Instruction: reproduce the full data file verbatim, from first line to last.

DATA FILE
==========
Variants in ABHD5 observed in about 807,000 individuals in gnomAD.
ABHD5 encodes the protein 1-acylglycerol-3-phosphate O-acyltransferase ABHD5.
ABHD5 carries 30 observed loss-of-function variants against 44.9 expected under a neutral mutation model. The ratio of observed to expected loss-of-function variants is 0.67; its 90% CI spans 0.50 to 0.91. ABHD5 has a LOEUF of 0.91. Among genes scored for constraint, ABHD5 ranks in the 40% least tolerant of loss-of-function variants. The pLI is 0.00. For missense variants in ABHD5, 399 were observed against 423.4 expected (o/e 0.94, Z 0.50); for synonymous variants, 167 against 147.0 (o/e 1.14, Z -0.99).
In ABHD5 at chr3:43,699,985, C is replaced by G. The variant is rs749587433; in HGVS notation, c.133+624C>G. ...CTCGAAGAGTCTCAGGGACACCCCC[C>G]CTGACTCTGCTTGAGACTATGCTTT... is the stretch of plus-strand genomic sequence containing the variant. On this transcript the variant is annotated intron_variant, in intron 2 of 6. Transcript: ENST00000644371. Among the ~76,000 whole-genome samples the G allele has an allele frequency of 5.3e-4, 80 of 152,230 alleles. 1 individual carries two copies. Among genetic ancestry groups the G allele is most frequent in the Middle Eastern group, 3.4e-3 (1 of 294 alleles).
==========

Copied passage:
Variants in ABHD5 observed in about 807,000 individuals in gnomAD.
ABHD5 encodes the protein 1-acylglycerol-3-phosphate O-acyltransferase ABHD5.
ABHD5 carries 30 observed loss-of-function variants against 44.9 expected under a neutral mutation model. The ratio of observed to expected loss-of-function variants is 0.67; its 90% CI spans 0.50 to 0.91. ABHD5 has a LOEUF of 0.91. Among genes scored for constraint, ABHD5 ranks in the 40% least tolerant of loss-of-function variants. The pLI is 0.00. For missense variants in ABHD5, 399 were observed against 423.4 expected (o/e 0.94, Z 0.50); for synonymous variants, 167 against 147.0 (o/e 1.14, Z -0.99).
In ABHD5 at chr3:43,699,985, C is replaced by G. The variant is rs749587433; in HGVS notation, c.133+624C>G. ...CTCGAAGAGTCTCAGGGACACCCCC[C>G]CTGACTCTGCTTGAGACTATGCTTT... is the stretch of plus-strand genomic sequence containing the variant. On this transcript the variant is annotated intron_variant, in intron 2 of 6. Transcript: ENST00000644371. Among the ~76,000 whole-genome samples the G allele has an allele frequency of 5.3e-4, 80 of 152,230 alleles. 1 individual carries two copies. Among genetic ancestry groups the G allele is most frequent in the Middle Eastern group, 3.4e-3 (1 of 294 alleles).